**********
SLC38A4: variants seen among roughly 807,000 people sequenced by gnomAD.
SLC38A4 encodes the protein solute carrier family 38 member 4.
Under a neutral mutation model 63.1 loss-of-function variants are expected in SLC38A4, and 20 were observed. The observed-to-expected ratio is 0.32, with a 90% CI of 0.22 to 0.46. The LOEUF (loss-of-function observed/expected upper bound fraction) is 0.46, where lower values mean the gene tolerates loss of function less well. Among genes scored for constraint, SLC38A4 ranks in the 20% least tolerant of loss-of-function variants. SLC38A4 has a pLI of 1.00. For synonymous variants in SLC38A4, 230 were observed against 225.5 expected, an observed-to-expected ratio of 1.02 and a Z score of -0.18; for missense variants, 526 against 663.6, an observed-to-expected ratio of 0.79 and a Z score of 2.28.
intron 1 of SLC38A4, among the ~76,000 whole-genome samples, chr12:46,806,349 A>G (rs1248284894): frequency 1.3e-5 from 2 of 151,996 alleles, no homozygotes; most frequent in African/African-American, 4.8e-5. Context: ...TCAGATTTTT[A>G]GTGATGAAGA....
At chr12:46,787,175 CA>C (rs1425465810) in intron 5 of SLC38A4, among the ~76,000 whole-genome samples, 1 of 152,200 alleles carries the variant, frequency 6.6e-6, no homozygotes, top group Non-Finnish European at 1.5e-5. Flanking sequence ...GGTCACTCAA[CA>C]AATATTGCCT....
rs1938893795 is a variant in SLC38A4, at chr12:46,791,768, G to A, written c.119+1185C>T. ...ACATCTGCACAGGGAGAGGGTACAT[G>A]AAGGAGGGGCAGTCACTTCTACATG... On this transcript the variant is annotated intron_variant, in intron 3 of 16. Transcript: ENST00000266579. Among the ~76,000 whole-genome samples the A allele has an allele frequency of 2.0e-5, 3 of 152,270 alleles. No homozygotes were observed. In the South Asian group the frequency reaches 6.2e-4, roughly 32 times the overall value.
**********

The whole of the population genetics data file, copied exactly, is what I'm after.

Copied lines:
SLC38A4: variants seen among roughly 807,000 people sequenced by gnomAD.
SLC38A4 encodes the protein solute carrier family 38 member 4.
Under a neutral mutation model 63.1 loss-of-function variants are expected in SLC38A4, and 20 were observed. The observed-to-expected ratio is 0.32, with a 90% CI of 0.22 to 0.46. The LOEUF (loss-of-function observed/expected upper bound fraction) is 0.46, where lower values mean the gene tolerates loss of function less well. Among genes scored for constraint, SLC38A4 ranks in the 20% least tolerant of loss-of-function variants. SLC38A4 has a pLI of 1.00. For synonymous variants in SLC38A4, 230 were observed against 225.5 expected, an observed-to-expected ratio of 1.02 and a Z score of -0.18; for missense variants, 526 against 663.6, an observed-to-expected ratio of 0.79 and a Z score of 2.28.
intron 1 of SLC38A4, among the ~76,000 whole-genome samples, chr12:46,806,349 A>G (rs1248284894): frequency 1.3e-5 from 2 of 151,996 alleles, no homozygotes; most frequent in African/African-American, 4.8e-5. Context: ...TCAGATTTTT[A>G]GTGATGAAGA....
At chr12:46,787,175 CA>C (rs1425465810) in intron 5 of SLC38A4, among the ~76,000 whole-genome samples, 1 of 152,200 alleles carries the variant, frequency 6.6e-6, no homozygotes, top group Non-Finnish European at 1.5e-5. Flanking sequence ...GGTCACTCAA[CA>C]AATATTGCCT....
rs1938893795 is a variant in SLC38A4, at chr12:46,791,768, G to A, written c.119+1185C>T. ...ACATCTGCACAGGGAGAGGGTACAT[G>A]AAGGAGGGGCAGTCACTTCTACATG... On this transcript the variant is annotated intron_variant, in intron 3 of 16. Transcript: ENST00000266579. Among the ~76,000 whole-genome samples the A allele has an allele frequency of 2.0e-5, 3 of 152,270 alleles. No homozygotes were observed. In the South Asian group the frequency reaches 6.2e-4, roughly 32 times the overall value.